I’d say their more recent songs are a bit more mainstream sounding, but Barry’s voice remains pretty distinctive. One of the things that always strikes me when they’re setting up for a live show is the sheer number of instruments that the five of them bring onstage with them.
I caught a great show from them in May as part of the Groovin’ in the Garden concert series at Lewis Ginter Botanical Garden in Richmond, VA. They were in top form, playing for what seemed like forever and covering the highlights of their career. I also saw a shorter set earlier this month down in Newport News at Victory Landing Park’s Independence Day celebration. That probably makes about a dozen times that I’ve seen them now, but the Lewis Ginter show may always stand out for several reasons, but most particularly one special moment that a fan caught on video. Too sweet! (although that’s always an idea that could backfire badly!)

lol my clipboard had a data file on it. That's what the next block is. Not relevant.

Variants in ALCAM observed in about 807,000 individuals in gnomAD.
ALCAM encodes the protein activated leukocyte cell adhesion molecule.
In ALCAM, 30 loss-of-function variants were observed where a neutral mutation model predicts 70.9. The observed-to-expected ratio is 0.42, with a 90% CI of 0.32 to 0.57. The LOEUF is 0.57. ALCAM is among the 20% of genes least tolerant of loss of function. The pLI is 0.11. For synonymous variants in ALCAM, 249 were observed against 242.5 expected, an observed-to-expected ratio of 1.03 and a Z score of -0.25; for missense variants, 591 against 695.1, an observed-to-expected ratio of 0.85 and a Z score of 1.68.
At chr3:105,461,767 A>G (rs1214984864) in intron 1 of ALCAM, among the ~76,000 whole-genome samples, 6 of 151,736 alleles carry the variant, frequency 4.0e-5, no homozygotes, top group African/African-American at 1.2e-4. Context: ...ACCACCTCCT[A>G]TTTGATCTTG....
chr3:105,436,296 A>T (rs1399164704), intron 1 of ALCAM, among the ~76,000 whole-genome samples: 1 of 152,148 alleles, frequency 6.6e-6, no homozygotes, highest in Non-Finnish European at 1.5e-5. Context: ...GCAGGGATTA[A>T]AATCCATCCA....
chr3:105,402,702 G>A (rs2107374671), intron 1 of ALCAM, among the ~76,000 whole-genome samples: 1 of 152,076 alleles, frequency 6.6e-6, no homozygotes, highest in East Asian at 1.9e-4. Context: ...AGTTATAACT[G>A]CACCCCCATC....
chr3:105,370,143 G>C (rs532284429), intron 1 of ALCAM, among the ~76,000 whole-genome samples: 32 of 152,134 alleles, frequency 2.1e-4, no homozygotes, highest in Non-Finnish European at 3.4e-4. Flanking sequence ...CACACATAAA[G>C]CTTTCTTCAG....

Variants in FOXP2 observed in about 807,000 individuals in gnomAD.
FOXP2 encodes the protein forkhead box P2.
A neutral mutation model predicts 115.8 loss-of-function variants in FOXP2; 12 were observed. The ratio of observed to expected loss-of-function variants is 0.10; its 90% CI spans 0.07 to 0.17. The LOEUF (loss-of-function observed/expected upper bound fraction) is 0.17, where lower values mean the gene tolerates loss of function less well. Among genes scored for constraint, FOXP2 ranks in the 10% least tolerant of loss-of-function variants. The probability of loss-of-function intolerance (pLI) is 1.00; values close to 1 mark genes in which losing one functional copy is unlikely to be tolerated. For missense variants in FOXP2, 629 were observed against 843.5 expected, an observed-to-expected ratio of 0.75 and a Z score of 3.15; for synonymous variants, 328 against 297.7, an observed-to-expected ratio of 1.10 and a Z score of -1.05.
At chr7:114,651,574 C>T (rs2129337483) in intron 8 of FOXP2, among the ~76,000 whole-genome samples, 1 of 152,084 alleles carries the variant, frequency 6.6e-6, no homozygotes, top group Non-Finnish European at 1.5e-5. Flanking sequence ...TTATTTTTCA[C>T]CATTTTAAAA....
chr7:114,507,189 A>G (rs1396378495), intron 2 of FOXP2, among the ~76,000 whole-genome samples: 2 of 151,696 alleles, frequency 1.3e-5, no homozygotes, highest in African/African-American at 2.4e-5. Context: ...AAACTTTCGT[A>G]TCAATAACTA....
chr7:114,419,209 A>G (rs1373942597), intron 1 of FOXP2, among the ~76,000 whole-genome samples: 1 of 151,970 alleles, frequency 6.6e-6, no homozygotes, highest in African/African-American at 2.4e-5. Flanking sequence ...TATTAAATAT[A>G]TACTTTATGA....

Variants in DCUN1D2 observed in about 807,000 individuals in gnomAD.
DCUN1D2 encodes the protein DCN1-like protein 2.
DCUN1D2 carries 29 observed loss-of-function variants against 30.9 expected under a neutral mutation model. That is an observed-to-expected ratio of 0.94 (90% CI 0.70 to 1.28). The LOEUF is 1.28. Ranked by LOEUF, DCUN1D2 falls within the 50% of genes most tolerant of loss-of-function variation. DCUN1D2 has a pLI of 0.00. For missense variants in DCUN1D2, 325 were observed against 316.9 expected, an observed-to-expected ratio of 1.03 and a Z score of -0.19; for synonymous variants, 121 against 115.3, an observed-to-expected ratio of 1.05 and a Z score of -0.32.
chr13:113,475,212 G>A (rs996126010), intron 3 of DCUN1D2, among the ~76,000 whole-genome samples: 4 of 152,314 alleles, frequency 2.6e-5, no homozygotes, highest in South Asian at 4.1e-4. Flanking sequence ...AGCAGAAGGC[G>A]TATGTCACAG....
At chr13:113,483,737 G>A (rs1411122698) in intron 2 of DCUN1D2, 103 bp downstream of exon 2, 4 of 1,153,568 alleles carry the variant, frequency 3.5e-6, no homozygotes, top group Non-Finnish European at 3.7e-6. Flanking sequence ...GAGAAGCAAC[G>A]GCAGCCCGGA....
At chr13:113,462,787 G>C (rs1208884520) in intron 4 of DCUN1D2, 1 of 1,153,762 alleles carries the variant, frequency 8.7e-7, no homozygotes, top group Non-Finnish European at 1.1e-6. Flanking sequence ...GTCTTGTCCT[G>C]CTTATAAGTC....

Below is one of my favorite photos from the Newport News show. You can see more pics of various CL concerts I’ve attended in my Carbon Leaf flickr set. I’d encourage you to give them a listen – if you’re interested in more of the celtic-influenced sound, Echo Echo is a must, or if you want to hear their more recent alternative/mainstream sound, I’d start with Indian Summer. They’re touring all over the US this summer, and I’m hoping to catch them next at the American Music Festival in Virginia Beach, VA, on 9/1. Do try to catch them if they’re coming your way. I’ve never left a show disappointed!
If you haven’t read anywhere, this is my last month of teaching jewelry-making classes at Michaels. I will genuinely miss my coworkers and all of my students from the past 2 years, but I am excited about the new crafting opportunities that have been opening up for me this year. Also, since I won’t have to keep up with my Bead Corner Design Academy blog or facebook listings anymore, I hope that that will give me more time for this Ripping It Down blog! As part of the reboot I’m going to be doing some theme posts, starting with Music Mondays! No promises that these will stay regular, but it’s a start!
Thanks to everyone for sticking with me. I hope to see you all at a class or show soon!